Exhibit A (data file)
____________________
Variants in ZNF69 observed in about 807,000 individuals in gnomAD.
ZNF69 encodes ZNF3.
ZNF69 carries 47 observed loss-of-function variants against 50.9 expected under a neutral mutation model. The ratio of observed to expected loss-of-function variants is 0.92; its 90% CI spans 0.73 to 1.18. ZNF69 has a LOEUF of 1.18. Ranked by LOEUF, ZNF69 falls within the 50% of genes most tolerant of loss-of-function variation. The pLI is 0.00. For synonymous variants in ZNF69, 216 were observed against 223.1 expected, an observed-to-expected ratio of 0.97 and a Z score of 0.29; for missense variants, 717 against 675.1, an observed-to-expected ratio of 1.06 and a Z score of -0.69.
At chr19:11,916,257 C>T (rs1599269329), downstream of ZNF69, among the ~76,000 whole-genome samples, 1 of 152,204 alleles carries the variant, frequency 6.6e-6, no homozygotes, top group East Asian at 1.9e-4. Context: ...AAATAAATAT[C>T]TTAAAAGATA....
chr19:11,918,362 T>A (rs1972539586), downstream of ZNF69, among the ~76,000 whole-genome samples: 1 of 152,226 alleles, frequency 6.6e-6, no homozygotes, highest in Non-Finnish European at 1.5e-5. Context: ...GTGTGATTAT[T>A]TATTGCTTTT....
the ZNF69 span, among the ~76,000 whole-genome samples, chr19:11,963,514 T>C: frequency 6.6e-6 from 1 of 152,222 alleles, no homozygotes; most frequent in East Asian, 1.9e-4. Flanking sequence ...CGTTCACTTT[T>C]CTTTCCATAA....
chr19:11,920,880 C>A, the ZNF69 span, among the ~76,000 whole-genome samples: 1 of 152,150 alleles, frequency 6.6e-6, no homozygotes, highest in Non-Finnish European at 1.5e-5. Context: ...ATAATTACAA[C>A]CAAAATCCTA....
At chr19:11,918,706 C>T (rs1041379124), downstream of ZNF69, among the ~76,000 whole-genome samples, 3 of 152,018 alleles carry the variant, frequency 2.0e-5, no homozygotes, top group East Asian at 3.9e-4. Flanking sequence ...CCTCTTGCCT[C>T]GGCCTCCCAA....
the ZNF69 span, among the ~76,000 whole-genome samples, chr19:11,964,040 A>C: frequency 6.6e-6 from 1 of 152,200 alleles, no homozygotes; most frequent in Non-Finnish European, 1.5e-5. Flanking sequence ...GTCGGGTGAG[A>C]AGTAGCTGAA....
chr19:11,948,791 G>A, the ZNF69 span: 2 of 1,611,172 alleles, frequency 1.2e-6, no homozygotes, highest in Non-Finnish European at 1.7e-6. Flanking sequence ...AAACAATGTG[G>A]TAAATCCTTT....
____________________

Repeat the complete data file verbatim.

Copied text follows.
Variants in ZNF69 observed in about 807,000 individuals in gnomAD.
ZNF69 encodes ZNF3.
ZNF69 carries 47 observed loss-of-function variants against 50.9 expected under a neutral mutation model. The ratio of observed to expected loss-of-function variants is 0.92; its 90% CI spans 0.73 to 1.18. ZNF69 has a LOEUF of 1.18. Ranked by LOEUF, ZNF69 falls within the 50% of genes most tolerant of loss-of-function variation. The pLI is 0.00. For synonymous variants in ZNF69, 216 were observed against 223.1 expected, an observed-to-expected ratio of 0.97 and a Z score of 0.29; for missense variants, 717 against 675.1, an observed-to-expected ratio of 1.06 and a Z score of -0.69.
At chr19:11,916,257 C>T (rs1599269329), downstream of ZNF69, among the ~76,000 whole-genome samples, 1 of 152,204 alleles carries the variant, frequency 6.6e-6, no homozygotes, top group East Asian at 1.9e-4. Context: ...AAATAAATAT[C>T]TTAAAAGATA....
chr19:11,918,362 T>A (rs1972539586), downstream of ZNF69, among the ~76,000 whole-genome samples: 1 of 152,226 alleles, frequency 6.6e-6, no homozygotes, highest in Non-Finnish European at 1.5e-5. Context: ...GTGTGATTAT[T>A]TATTGCTTTT....
the ZNF69 span, among the ~76,000 whole-genome samples, chr19:11,963,514 T>C: frequency 6.6e-6 from 1 of 152,222 alleles, no homozygotes; most frequent in East Asian, 1.9e-4. Flanking sequence ...CGTTCACTTT[T>C]CTTTCCATAA....
chr19:11,920,880 C>A, the ZNF69 span, among the ~76,000 whole-genome samples: 1 of 152,150 alleles, frequency 6.6e-6, no homozygotes, highest in Non-Finnish European at 1.5e-5. Context: ...ATAATTACAA[C>A]CAAAATCCTA....
At chr19:11,918,706 C>T (rs1041379124), downstream of ZNF69, among the ~76,000 whole-genome samples, 3 of 152,018 alleles carry the variant, frequency 2.0e-5, no homozygotes, top group East Asian at 3.9e-4. Flanking sequence ...CCTCTTGCCT[C>T]GGCCTCCCAA....
the ZNF69 span, among the ~76,000 whole-genome samples, chr19:11,964,040 A>C: frequency 6.6e-6 from 1 of 152,200 alleles, no homozygotes; most frequent in Non-Finnish European, 1.5e-5. Flanking sequence ...GTCGGGTGAG[A>C]AGTAGCTGAA....
chr19:11,948,791 G>A, the ZNF69 span: 2 of 1,611,172 alleles, frequency 1.2e-6, no homozygotes, highest in Non-Finnish European at 1.7e-6. Flanking sequence ...AAACAATGTG[G>A]TAAATCCTTT....